Michael
    I always quit on Hogpen, but you are certainly right about the peace and quiet of great mountain riding....

  17. #17
    Senior Member gapowermike's Avatar
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    I quit on Hogpen last year. Don't intend on letting that happen this year.

    We'll see,

    Michael
    RIP Stacey. =3.

  18. #18
    You rode how far??? GamecockTaco's Avatar
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    well, if you ever had any questions why they don't do Assault on Mt Mitchell in early February, never fear. The answer is in the link. http://ils.unc.edu/parkproject/webcam/weather.html BBBBBBRRRRRRRRRRR!!!!!!!!!!!!!!!!!!!! Especially the early morning temps today.

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    Average of 23 mph winds, with gusts up to 56 mph. If it is a tail wind, then that would be the opportune time to climb it, as long as you are bundled up.

  20. #20
    Let's do a Century jppe's Avatar
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    I was able to register and get a number. Anyone else?

  21. #21
    Climbing Above It All BikeWNC's Avatar
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    Yes, I'm in. This will be my fourth year in a row. For better or worse.

  22. #22
    Let's do a Century jppe's Avatar
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    I was comparing numbers with some friends and it looks like 250 numbers were issued within 5 mins. Number 850+ was issued around 10 mins after Active started taking registrations. Sounds like it went a lot faster than the 40 some minutes last year.

  23. #23
    Senior Member kokomo61's Avatar
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    I got my hotel room for the ride - staying Sunday and Monday (I don't want to drive the 7 hours+ back to DC after being in the saddle all day).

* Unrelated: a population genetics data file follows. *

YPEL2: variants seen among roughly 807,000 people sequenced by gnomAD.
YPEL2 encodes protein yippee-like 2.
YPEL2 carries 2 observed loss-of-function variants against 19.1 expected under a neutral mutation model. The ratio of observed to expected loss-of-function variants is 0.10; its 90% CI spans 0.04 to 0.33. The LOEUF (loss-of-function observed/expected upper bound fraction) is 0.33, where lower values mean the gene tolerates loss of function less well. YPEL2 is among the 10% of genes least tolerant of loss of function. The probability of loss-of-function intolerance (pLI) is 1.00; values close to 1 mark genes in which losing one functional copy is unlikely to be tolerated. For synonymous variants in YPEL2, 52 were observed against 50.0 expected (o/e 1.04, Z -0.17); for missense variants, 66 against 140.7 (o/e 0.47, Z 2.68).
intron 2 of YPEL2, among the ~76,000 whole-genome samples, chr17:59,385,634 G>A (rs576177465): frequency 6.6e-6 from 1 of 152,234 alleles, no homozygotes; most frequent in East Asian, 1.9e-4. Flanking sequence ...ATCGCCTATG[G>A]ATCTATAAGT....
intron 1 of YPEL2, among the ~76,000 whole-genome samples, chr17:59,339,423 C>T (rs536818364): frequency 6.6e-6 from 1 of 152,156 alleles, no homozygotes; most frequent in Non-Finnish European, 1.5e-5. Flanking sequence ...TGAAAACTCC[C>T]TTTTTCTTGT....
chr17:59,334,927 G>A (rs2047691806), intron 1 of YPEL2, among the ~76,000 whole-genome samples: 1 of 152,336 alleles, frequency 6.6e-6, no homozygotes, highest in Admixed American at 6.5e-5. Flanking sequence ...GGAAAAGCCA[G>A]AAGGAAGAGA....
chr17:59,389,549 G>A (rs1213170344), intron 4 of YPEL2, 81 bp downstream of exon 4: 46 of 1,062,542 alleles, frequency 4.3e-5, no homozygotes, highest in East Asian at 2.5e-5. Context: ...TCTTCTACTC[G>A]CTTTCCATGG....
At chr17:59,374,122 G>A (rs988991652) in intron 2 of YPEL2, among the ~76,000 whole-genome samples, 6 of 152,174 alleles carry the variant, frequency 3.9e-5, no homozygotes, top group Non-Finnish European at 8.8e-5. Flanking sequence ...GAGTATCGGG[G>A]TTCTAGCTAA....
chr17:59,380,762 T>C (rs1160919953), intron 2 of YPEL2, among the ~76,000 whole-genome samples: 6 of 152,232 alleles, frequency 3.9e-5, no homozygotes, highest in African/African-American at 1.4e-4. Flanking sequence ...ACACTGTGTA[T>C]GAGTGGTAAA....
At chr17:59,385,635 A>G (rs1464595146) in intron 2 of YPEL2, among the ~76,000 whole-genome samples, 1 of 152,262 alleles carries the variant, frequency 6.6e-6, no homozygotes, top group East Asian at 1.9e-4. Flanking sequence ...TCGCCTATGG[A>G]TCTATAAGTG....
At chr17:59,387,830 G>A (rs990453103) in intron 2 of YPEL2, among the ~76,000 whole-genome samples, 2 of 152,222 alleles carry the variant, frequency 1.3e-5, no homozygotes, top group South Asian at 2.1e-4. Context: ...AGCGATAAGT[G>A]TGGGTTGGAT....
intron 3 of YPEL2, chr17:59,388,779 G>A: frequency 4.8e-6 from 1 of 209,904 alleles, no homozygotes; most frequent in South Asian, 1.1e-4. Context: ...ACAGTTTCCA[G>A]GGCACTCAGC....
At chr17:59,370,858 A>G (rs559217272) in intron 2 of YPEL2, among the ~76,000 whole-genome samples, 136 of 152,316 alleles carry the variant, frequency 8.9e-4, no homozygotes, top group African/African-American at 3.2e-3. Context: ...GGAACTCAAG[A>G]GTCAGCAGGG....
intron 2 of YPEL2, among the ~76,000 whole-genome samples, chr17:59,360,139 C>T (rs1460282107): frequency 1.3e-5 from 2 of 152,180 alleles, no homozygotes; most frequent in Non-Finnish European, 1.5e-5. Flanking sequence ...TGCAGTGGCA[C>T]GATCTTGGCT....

Roads should be clear enough starting this weekend to get back outside and start building up the mileage....and I've found a riding partner to do the Front Royal-Skyland loop to get some climbing training in.....If I can do that 3-4 times before June, that'll help.

    One question for the vets....just how bad are the last few miles? If I've got a good base and climbing training in, along with a good triple and pacing, can I bank on getting to the top if I take enough time?
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  24. #24
    Climbing Above It All BikeWNC's Avatar
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    Quote Originally Posted by kokomo61
    I got my hotel room for the ride - staying Sunday and Monday (I don't want to drive the 7 hours+ back to DC after being in the saddle all day).

    Roads should be clear enough starting this weekend to get back outside and start building up the mileage....and I've found a riding partner to do the Front Royal-Skyland loop to get some climbing training in.....If I can do that 3-4 times before June, that'll help.

    One question for the vets....just how bad are the last few miles? If I've got a good base and climbing training in, along with a good triple and pacing, can I bank on getting to the top if I take enough time?
    Sure, getting to the top, once you've done the first 98 miles, is just a matter of sticking to the task at hand. The tough part of the Mitchell Rd is in the first 2.5 miles. Actually, the first .5 mile is pretty easy, then it hits a steady 9%. When you see the gates of heaven, the entrance to the Park, it slackens up and even has some downslope. The last mile is just gravy after that cause you know it's almost over.
    Last edited by BikeWNC; 02-22-07 at 01:16 PM.

  25. #25
    Climbing Above It All BikeWNC's Avatar
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    One other thing, since this is your first time doing Mitchell it is really hard to simulate the last 20+ miles of hill in training. People go and ride up from Marion for training and are surprised that on event day it takes an hour longer to get to the top. Remember to pace well from the start. Don't get caught up in the irrational exuberance of the first 40 miles. I swear you can smell the testosterone in the air at the start.